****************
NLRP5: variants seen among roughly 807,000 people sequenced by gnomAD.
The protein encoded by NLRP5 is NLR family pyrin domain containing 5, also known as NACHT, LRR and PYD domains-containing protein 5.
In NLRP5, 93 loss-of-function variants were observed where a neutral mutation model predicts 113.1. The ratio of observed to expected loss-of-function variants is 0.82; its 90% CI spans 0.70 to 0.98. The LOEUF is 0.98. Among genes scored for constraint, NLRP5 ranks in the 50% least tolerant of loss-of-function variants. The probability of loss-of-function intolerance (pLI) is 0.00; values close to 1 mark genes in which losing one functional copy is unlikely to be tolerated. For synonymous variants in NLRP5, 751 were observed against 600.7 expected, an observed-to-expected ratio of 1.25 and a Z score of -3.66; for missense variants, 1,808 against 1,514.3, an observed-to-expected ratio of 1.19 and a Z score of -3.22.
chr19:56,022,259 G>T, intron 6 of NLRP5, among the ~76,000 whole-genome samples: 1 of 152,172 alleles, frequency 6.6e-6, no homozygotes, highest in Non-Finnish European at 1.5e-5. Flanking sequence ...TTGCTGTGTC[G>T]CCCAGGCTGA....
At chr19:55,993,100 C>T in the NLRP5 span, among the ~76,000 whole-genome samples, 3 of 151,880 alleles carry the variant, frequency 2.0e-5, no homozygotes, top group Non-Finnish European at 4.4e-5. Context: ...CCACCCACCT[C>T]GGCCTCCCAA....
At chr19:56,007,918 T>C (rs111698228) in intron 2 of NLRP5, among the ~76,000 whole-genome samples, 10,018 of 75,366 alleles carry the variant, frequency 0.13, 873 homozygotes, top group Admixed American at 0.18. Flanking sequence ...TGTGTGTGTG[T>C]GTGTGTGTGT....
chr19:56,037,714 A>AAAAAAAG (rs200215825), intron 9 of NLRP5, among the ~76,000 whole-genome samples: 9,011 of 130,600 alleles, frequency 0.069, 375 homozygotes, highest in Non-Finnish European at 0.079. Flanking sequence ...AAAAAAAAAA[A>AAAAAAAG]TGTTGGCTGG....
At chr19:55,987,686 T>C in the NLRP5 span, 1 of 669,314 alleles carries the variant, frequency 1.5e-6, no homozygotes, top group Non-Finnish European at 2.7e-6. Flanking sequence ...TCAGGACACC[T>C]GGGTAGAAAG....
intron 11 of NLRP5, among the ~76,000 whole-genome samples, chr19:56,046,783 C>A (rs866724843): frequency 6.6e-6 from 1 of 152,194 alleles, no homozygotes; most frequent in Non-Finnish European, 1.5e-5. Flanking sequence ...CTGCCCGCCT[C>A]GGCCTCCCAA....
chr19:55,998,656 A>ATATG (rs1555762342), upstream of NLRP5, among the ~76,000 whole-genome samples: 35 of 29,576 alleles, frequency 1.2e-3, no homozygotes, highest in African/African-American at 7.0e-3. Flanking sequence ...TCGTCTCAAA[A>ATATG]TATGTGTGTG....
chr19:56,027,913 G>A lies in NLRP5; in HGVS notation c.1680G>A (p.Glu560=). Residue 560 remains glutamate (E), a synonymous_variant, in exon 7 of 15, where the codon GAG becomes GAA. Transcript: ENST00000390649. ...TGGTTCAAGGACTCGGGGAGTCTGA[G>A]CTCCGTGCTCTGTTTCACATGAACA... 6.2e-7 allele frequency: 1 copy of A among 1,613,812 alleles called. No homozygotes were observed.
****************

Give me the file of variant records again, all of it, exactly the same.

NLRP5: variants seen among roughly 807,000 people sequenced by gnomAD.
The protein encoded by NLRP5 is NLR family pyrin domain containing 5, also known as NACHT, LRR and PYD domains-containing protein 5.
In NLRP5, 93 loss-of-function variants were observed where a neutral mutation model predicts 113.1. The ratio of observed to expected loss-of-function variants is 0.82; its 90% CI spans 0.70 to 0.98. The LOEUF is 0.98. Among genes scored for constraint, NLRP5 ranks in the 50% least tolerant of loss-of-function variants. The probability of loss-of-function intolerance (pLI) is 0.00; values close to 1 mark genes in which losing one functional copy is unlikely to be tolerated. For synonymous variants in NLRP5, 751 were observed against 600.7 expected, an observed-to-expected ratio of 1.25 and a Z score of -3.66; for missense variants, 1,808 against 1,514.3, an observed-to-expected ratio of 1.19 and a Z score of -3.22.
chr19:56,022,259 G>T, intron 6 of NLRP5, among the ~76,000 whole-genome samples: 1 of 152,172 alleles, frequency 6.6e-6, no homozygotes, highest in Non-Finnish European at 1.5e-5. Flanking sequence ...TTGCTGTGTC[G>T]CCCAGGCTGA....
At chr19:55,993,100 C>T in the NLRP5 span, among the ~76,000 whole-genome samples, 3 of 151,880 alleles carry the variant, frequency 2.0e-5, no homozygotes, top group Non-Finnish European at 4.4e-5. Context: ...CCACCCACCT[C>T]GGCCTCCCAA....
At chr19:56,007,918 T>C (rs111698228) in intron 2 of NLRP5, among the ~76,000 whole-genome samples, 10,018 of 75,366 alleles carry the variant, frequency 0.13, 873 homozygotes, top group Admixed American at 0.18. Flanking sequence ...TGTGTGTGTG[T>C]GTGTGTGTGT....
chr19:56,037,714 A>AAAAAAAG (rs200215825), intron 9 of NLRP5, among the ~76,000 whole-genome samples: 9,011 of 130,600 alleles, frequency 0.069, 375 homozygotes, highest in Non-Finnish European at 0.079. Flanking sequence ...AAAAAAAAAA[A>AAAAAAAG]TGTTGGCTGG....
At chr19:55,987,686 T>C in the NLRP5 span, 1 of 669,314 alleles carries the variant, frequency 1.5e-6, no homozygotes, top group Non-Finnish European at 2.7e-6. Flanking sequence ...TCAGGACACC[T>C]GGGTAGAAAG....
intron 11 of NLRP5, among the ~76,000 whole-genome samples, chr19:56,046,783 C>A (rs866724843): frequency 6.6e-6 from 1 of 152,194 alleles, no homozygotes; most frequent in Non-Finnish European, 1.5e-5. Flanking sequence ...CTGCCCGCCT[C>A]GGCCTCCCAA....
chr19:55,998,656 A>ATATG (rs1555762342), upstream of NLRP5, among the ~76,000 whole-genome samples: 35 of 29,576 alleles, frequency 1.2e-3, no homozygotes, highest in African/African-American at 7.0e-3. Flanking sequence ...TCGTCTCAAA[A>ATATG]TATGTGTGTG....
chr19:56,027,913 G>A lies in NLRP5; in HGVS notation c.1680G>A (p.Glu560=). Residue 560 remains glutamate (E), a synonymous_variant, in exon 7 of 15, where the codon GAG becomes GAA. Transcript: ENST00000390649. ...TGGTTCAAGGACTCGGGGAGTCTGA[G>A]CTCCGTGCTCTGTTTCACATGAACA... 6.2e-7 allele frequency: 1 copy of A among 1,613,812 alleles called. No homozygotes were observed.